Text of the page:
Marx wrote that in Hegel’s writings, the dialectic “is standing on its head,” so it had to be turned right side up to discover “the rational kernel within the mystical shell.”24 That is what Marx and Engels did in the process of working out the fundamental basis of their views, historical materialism. 

And that is exactly what Darwin did in On the Origin of Species. He overturned the fundamental concepts of nineteenth-century science, taking an upside-down view of nature, and turned it right side up. 

He overturned essentialism. “I look at the term ‘species’ as one arbitrarily given, for the sake of convenience, to a set of individuals closely resembling each other.”25 

A species is not a thing, and change does not involve the transformation or replacement of that thing. A species is a population of real, concrete individuals. Variations are not exceptions or diversions from the species’ essence—variation is the concrete reality of nature. The truth, a Marxist would say, is always concrete. Species are not fixed, immutable things: they have a real history, and can only be properly understood by studying how they change in time. 

He overturned teleology. “Far from imagining that cats exist in order to catch mice well,” wrote Darwin’s close associate Thomas Huxley, “Darwinism supposes that cats exist because they catch mice well—mousing being not the aim, but the condition of their existence.”26 

Living organisms have changed and continue to change as a result of natural processes that have no purpose or goal. A giraffe is not in any sense a “more advanced” or “more perfect” animal than its shorter ancestors—it is simply better adapted to its local environment. Changes to that environment could eliminate its advantage at any time. 

By the time Darwin died in 1882, evolution was accepted by the great majority of scientists—but it took much longer for most to accept the materialist core of Darwin’s work, that variation and natural selection are the processes that drive species change. Even among Darwin’s closest allies and supporters there were many who clung to the essentialist idea that new species must appear as sudden replacements, or to the teleological idea that the evolutionary process was guided or determined in advance by God. 

Evolution and Marxism

Darwin did for the understanding of nature what Marx and Engels did for human society—he overturned teleology and essentialism and established a materialist basis for understanding how organisms change over time. And that is precisely what Marx meant when he said that On the Origin of Species “contains the basis in natural history for our view.” 

In 1844, while Darwin was secretly writing his first full account of natural selection, Karl Marx was in Paris, developing his critique of contemporary political and philosophical thought. In his notebooks he wrote: “History itself is a real part of natural history and of nature’s development into man. Natural science will, in time, incorporate into itself the science of man, just as the science of man will incorporate into itself natural science: there will be one science.”27 

A year later, Marx and Engels wrote The German Ideology, the first mature statement of what became known as historical materialism. Initially they included this passage, which is similar to the 1844 statement, but more complete.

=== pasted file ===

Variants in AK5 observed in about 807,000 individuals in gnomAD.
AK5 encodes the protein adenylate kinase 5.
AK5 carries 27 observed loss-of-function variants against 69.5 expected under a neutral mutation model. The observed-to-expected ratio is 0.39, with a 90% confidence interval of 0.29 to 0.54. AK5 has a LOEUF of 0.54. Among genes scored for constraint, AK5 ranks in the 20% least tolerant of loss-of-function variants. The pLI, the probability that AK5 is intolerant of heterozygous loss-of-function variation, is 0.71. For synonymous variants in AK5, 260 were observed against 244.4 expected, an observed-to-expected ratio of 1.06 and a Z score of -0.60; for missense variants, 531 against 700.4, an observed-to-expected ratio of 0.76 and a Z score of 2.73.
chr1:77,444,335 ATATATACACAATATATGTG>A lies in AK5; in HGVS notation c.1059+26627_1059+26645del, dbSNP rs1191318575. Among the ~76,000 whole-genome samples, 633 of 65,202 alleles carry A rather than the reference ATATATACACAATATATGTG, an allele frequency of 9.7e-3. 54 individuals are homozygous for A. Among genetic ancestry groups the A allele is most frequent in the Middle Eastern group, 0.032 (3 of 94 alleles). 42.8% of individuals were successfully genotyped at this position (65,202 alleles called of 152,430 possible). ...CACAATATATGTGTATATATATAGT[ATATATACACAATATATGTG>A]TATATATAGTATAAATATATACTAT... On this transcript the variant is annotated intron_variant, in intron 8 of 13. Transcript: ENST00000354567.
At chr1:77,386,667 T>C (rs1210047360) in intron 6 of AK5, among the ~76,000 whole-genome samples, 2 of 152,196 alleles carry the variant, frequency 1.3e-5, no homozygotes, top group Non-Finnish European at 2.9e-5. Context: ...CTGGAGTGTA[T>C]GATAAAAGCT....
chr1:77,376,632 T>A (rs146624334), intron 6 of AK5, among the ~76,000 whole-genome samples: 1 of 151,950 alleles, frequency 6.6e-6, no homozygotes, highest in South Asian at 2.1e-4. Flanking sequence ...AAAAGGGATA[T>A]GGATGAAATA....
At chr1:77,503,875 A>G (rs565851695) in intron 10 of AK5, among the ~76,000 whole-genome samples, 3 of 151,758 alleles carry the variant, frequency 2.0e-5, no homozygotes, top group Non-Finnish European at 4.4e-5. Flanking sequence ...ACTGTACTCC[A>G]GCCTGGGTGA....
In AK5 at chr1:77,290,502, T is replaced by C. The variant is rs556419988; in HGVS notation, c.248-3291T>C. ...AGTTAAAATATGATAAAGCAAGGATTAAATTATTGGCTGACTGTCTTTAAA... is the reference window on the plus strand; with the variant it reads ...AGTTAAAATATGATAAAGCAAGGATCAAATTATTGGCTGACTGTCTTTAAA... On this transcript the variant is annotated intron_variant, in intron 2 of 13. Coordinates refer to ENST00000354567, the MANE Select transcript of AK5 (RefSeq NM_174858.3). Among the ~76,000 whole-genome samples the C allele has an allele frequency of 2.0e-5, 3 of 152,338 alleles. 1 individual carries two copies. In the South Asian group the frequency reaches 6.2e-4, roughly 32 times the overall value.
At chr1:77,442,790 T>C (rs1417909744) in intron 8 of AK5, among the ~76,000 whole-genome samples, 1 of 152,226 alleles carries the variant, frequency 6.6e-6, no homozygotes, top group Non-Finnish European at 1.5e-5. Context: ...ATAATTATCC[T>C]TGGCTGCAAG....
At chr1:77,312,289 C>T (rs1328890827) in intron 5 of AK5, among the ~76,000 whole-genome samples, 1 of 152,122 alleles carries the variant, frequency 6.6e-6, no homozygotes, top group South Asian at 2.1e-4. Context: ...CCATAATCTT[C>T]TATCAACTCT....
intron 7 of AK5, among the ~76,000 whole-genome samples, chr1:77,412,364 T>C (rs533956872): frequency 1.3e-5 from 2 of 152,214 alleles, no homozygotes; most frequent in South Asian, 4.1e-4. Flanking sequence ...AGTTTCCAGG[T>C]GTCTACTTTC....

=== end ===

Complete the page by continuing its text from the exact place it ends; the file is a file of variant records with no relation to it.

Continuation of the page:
We know only a single science, the science of history. One can look at history from two sides and divide it into the history of nature and the history of men. The two sides are, however, inseparable; the history of nature and the history of men are dependent on each other so long as men exist.28 

They deleted that paragraph from the final draft, deciding not even to mention a subject they had no time to investigate and discuss properly. These passages show why Marx and Engels were so excited by Darwin’s work. As Peter Heyer writes, “both the historical character of nature and the natural character of history” were fundamental to their worldview.29 

Fifteen years before Origin, they were confident that nature could be explained using the same nonessentialist and non-teleological—that is, historical and materialist—principles that underlaid their analysis of human societies. By providing a thoroughly researched and powerfully argued confirmation of that assumption, Darwin’s book completed historical materialism. This was the materialist explanation of the historical character of nature they knew must be possible. As Engels wrote in Socialism: Utopian and Scientific: 

Nature works dialectically and not metaphysically … she does not move in the eternal oneness of a perpetually recurring circle, but goes through a real historical evolution. In this connection, Darwin must be named before all others. He dealt the metaphysical conception of Nature the heaviest blow by his proof that all organic beings, plants, animals, and man himself, are the products of a process of evolution going on through millions of years.30 

Nature and societyA key element of D. A. Stack’s claim that Engels tried to “steal the Darwinian mantle,” but wasn’t really committed to Darwinism, is his assertion that Engels did not make “any meaningful or successful attempt to unite Marxist politics with Darwinian science.”31 
If we accept a very narrow definition of politics, as Stack seems to, then this charge is absolutely true. Engels didn’t just fail to propose a political program based on Darwin’s science—he explicitly denied that such a program was appropriate.32